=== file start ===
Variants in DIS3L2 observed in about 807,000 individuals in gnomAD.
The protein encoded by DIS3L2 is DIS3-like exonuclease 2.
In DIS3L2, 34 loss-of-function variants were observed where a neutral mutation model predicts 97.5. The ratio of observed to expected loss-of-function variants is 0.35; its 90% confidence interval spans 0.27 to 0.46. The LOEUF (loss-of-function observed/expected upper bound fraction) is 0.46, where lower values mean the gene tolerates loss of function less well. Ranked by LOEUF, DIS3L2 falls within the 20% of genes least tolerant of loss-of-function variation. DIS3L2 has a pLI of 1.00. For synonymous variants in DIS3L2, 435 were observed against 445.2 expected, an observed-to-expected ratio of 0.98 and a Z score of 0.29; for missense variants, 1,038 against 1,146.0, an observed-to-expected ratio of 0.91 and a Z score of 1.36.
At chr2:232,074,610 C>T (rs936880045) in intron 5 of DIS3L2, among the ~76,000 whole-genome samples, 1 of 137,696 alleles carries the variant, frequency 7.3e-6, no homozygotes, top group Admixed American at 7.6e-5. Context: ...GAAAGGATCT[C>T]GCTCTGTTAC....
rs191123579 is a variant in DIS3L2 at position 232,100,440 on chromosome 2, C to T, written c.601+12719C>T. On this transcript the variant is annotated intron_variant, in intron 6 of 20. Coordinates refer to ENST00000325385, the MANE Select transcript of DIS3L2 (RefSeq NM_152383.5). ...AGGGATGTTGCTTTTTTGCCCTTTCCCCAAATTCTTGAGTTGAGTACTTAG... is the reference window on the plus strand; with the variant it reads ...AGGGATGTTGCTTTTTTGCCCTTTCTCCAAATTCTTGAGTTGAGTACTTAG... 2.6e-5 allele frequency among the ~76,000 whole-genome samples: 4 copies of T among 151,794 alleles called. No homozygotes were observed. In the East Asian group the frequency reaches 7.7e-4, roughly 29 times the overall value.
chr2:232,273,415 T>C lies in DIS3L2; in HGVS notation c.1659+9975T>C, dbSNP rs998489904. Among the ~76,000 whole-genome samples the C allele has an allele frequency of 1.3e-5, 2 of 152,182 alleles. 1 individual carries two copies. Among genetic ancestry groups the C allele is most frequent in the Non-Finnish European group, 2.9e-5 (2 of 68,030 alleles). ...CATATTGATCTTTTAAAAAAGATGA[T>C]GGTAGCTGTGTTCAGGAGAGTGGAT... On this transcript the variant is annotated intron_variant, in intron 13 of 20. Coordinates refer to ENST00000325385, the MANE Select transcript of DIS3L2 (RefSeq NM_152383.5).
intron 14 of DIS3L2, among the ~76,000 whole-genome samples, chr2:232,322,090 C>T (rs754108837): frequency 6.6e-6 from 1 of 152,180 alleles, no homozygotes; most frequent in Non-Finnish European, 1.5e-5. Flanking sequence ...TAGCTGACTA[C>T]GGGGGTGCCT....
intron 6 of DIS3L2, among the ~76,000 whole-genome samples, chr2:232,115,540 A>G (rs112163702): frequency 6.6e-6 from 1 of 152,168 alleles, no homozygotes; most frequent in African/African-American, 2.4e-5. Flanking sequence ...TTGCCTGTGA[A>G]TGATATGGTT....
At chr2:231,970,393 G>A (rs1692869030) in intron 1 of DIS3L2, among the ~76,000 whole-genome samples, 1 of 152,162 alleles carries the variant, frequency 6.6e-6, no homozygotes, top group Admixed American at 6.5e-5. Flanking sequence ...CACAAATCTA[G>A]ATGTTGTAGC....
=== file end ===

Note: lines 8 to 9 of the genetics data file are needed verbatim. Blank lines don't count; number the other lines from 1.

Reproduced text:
intron 6 of DIS3L2, among the ~76,000 whole-genome samples, chr2:232,115,540 A>G (rs112163702): frequency 6.6e-6 from 1 of 152,168 alleles, no homozygotes; most frequent in African/African-American, 2.4e-5. Flanking sequence ...TTGCCTGTGA[A>G]TGATATGGTT....
At chr2:231,970,393 G>A (rs1692869030) in intron 1 of DIS3L2, among the ~76,000 whole-genome samples, 1 of 152,162 alleles carries the variant, frequency 6.6e-6, no homozygotes, top group Admixed American at 6.5e-5. Flanking sequence ...CACAAATCTA[G>A]ATGTTGTAGC....